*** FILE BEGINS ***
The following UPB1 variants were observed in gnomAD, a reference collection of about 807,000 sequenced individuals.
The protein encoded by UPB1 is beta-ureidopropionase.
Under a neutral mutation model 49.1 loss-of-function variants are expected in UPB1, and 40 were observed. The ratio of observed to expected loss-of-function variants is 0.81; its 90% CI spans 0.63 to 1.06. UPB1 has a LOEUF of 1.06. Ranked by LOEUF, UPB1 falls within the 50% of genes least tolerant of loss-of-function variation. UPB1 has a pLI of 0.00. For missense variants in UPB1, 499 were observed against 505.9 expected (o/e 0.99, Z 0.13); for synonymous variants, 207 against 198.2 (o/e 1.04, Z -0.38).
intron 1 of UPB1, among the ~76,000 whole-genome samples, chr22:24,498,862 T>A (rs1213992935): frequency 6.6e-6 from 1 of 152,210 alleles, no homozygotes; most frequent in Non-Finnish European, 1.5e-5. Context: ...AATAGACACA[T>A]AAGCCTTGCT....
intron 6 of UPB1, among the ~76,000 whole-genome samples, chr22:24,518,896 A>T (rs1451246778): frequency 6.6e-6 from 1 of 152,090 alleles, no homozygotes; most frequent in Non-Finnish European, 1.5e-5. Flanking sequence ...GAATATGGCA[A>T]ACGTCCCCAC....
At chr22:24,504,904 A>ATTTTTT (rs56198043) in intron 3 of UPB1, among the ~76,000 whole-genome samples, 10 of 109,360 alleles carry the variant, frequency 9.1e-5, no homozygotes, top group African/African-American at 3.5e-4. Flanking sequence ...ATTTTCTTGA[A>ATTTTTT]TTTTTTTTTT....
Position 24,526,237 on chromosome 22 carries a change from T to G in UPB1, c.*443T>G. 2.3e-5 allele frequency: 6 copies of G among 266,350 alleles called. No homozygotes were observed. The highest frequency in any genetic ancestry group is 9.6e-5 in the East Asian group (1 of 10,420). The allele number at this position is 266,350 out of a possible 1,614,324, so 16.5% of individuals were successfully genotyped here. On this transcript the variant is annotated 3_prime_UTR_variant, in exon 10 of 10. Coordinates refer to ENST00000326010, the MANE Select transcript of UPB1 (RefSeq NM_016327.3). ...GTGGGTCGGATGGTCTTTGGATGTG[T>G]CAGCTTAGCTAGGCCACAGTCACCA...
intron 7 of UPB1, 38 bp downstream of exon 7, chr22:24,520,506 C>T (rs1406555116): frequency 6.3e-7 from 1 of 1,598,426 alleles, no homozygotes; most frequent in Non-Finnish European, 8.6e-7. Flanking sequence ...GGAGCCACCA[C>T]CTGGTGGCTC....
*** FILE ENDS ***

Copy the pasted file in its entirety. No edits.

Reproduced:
The following UPB1 variants were observed in gnomAD, a reference collection of about 807,000 sequenced individuals.
The protein encoded by UPB1 is beta-ureidopropionase.
Under a neutral mutation model 49.1 loss-of-function variants are expected in UPB1, and 40 were observed. The ratio of observed to expected loss-of-function variants is 0.81; its 90% CI spans 0.63 to 1.06. UPB1 has a LOEUF of 1.06. Ranked by LOEUF, UPB1 falls within the 50% of genes least tolerant of loss-of-function variation. UPB1 has a pLI of 0.00. For missense variants in UPB1, 499 were observed against 505.9 expected (o/e 0.99, Z 0.13); for synonymous variants, 207 against 198.2 (o/e 1.04, Z -0.38).
intron 1 of UPB1, among the ~76,000 whole-genome samples, chr22:24,498,862 T>A (rs1213992935): frequency 6.6e-6 from 1 of 152,210 alleles, no homozygotes; most frequent in Non-Finnish European, 1.5e-5. Context: ...AATAGACACA[T>A]AAGCCTTGCT....
intron 6 of UPB1, among the ~76,000 whole-genome samples, chr22:24,518,896 A>T (rs1451246778): frequency 6.6e-6 from 1 of 152,090 alleles, no homozygotes; most frequent in Non-Finnish European, 1.5e-5. Flanking sequence ...GAATATGGCA[A>T]ACGTCCCCAC....
At chr22:24,504,904 A>ATTTTTT (rs56198043) in intron 3 of UPB1, among the ~76,000 whole-genome samples, 10 of 109,360 alleles carry the variant, frequency 9.1e-5, no homozygotes, top group African/African-American at 3.5e-4. Flanking sequence ...ATTTTCTTGA[A>ATTTTTT]TTTTTTTTTT....
Position 24,526,237 on chromosome 22 carries a change from T to G in UPB1, c.*443T>G. 2.3e-5 allele frequency: 6 copies of G among 266,350 alleles called. No homozygotes were observed. The highest frequency in any genetic ancestry group is 9.6e-5 in the East Asian group (1 of 10,420). The allele number at this position is 266,350 out of a possible 1,614,324, so 16.5% of individuals were successfully genotyped here. On this transcript the variant is annotated 3_prime_UTR_variant, in exon 10 of 10. Coordinates refer to ENST00000326010, the MANE Select transcript of UPB1 (RefSeq NM_016327.3). ...GTGGGTCGGATGGTCTTTGGATGTG[T>G]CAGCTTAGCTAGGCCACAGTCACCA...
intron 7 of UPB1, 38 bp downstream of exon 7, chr22:24,520,506 C>T (rs1406555116): frequency 6.3e-7 from 1 of 1,598,426 alleles, no homozygotes; most frequent in Non-Finnish European, 8.6e-7. Flanking sequence ...GGAGCCACCA[C>T]CTGGTGGCTC....